I am now back from Istria, where I spent my time eating truffles, absorbing scenery that was not real, staring at all the different colored leaves, and walking through medieval villages. All in all, time well-spent. The hotel where we stayed was in a bona fide medieval city. It was protected by the steep hill all around it, and two stone walls. As I walked the perimeter of the castle (the hotel), I could practically feel a metal helmet digging into my forehead.
The first place we stopped at, before we got to the hotel, was a coastal town called Pirano. If Regina Spektor ever needed proof that “the sea is just a wetter version of the sky”, as she wrote in a song, I have proof.
Here are various pictures from Istria, from over the last few days:
And here is what I wrote in my journal last night (a little rambly, but bear with me; I was tired):
“My favorite part of today was dinner, when Massimo, Cinzia and I went to an agriturismo called Toncic. We only found this place because Massimo and Ciniza had been there before – like many places in Istria, Toncic was off a tiny little road. And yet, despite being a Monday night in the middle of nowhere, Toncic was packed. When I walked in the door – past the thick, hand-packed stone wall – the heat from the fireplace enveloped me. The sounds of Croation, Italian and Veneto blended together, thin like the fog outside. From my first bite of food I knew I had been transported into another age; home-made pasta and white truffles mixed together, tasting so rustic and classic and earthy that I knew they must’ve come from a recipe book kept intact only through distant memory and perhaps oral tradition. Gingerly sipping some of the nearly purple house-brewed wine, I notice a man at the table behind me with an accordion. As a bite of pork, black truffles and creamy potato warms my tongue, I hear a chord emanate from the accordion. The accordion breathes faster and faster, in perfect sync with the man, whose respiration has turned into hearty song. His voice is full like his smile. He transitions into what strikes me as the Venetian version of “She’ll be Coming Around the Mountain.” Out of the corner of my eye, I see Cinzia’s head swaying; she knows the song. I notice a voice equally enthused, and slightly out of tune; Massimo knows the song. The tune is easy enough; next thing I know, I’m singing along. I can’t take my eyes off the man playing the accordion. His voice – steady and perfect and imperfect all at once – has plunged me out of the present and into some time too nuanced and vital to be in the history textbooks. I’m laughing and feeling the warmth of the fire and trying to reconcile my senses when I realized he has switched songs.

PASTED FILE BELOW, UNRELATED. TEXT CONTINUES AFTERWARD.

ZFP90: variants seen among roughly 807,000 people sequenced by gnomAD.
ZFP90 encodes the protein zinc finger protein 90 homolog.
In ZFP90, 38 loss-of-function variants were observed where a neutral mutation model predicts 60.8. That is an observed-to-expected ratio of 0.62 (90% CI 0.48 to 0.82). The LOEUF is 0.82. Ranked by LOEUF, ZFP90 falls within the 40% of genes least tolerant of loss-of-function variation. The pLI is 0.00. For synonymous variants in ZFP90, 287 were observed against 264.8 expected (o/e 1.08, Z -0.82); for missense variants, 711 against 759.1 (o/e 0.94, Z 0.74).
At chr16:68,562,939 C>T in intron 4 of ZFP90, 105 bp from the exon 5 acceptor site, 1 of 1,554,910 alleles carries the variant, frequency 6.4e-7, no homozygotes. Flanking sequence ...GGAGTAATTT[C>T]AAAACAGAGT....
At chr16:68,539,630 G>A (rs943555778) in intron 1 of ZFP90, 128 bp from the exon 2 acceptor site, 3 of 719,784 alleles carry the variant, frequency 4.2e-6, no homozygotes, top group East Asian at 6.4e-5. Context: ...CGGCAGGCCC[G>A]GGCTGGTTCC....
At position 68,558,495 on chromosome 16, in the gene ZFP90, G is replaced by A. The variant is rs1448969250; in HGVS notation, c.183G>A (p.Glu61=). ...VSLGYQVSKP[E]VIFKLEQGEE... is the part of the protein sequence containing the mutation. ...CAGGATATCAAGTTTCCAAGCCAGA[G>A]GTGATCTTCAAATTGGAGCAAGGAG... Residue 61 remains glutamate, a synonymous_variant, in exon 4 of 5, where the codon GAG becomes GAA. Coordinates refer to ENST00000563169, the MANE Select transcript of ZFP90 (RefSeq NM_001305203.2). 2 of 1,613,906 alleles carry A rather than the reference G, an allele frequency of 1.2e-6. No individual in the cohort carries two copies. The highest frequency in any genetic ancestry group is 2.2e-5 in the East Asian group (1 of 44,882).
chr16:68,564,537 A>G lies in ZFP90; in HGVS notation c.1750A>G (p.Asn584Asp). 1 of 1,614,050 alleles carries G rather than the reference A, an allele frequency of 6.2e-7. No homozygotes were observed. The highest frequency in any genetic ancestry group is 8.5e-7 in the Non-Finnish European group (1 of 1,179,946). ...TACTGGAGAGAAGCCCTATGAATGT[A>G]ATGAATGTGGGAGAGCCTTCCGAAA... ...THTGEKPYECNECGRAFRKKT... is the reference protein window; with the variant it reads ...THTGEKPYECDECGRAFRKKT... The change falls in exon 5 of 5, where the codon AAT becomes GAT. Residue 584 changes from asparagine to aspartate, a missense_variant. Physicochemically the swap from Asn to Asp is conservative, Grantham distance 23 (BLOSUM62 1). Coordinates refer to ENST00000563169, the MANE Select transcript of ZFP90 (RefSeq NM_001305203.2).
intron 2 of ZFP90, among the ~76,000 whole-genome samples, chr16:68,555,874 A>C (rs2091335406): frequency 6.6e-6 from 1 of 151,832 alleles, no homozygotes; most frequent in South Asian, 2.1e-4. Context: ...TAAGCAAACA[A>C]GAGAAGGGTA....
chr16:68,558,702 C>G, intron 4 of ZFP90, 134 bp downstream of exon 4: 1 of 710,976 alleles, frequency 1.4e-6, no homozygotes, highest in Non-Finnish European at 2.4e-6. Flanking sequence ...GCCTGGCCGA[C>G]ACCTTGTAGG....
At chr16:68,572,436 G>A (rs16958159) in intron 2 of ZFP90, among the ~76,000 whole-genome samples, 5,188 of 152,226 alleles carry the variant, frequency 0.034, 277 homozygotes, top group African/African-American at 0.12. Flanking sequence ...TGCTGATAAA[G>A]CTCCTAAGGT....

Oh portigiani, porta mi via, che mi sento di morire.
I nearly spring out of my chair, and gush in broken Italian that I know this song, I actually know this song!
Bella ciao, bella ciao, bella ciao, ciao, ciao!
My mind races back to ambling through Rome and Florence and Pordenone five years ago, cheerfully singing this song with my brother at my side. Toby, right now sweet-toothed hunger pushes you from house to hopeful house. But you are also here with me, bellowing and hooting and grinning, the ring of the accordion falling on you lighter than gold flakes in chocolate.
Ciao, bello. Ciao, ciao, ciao.”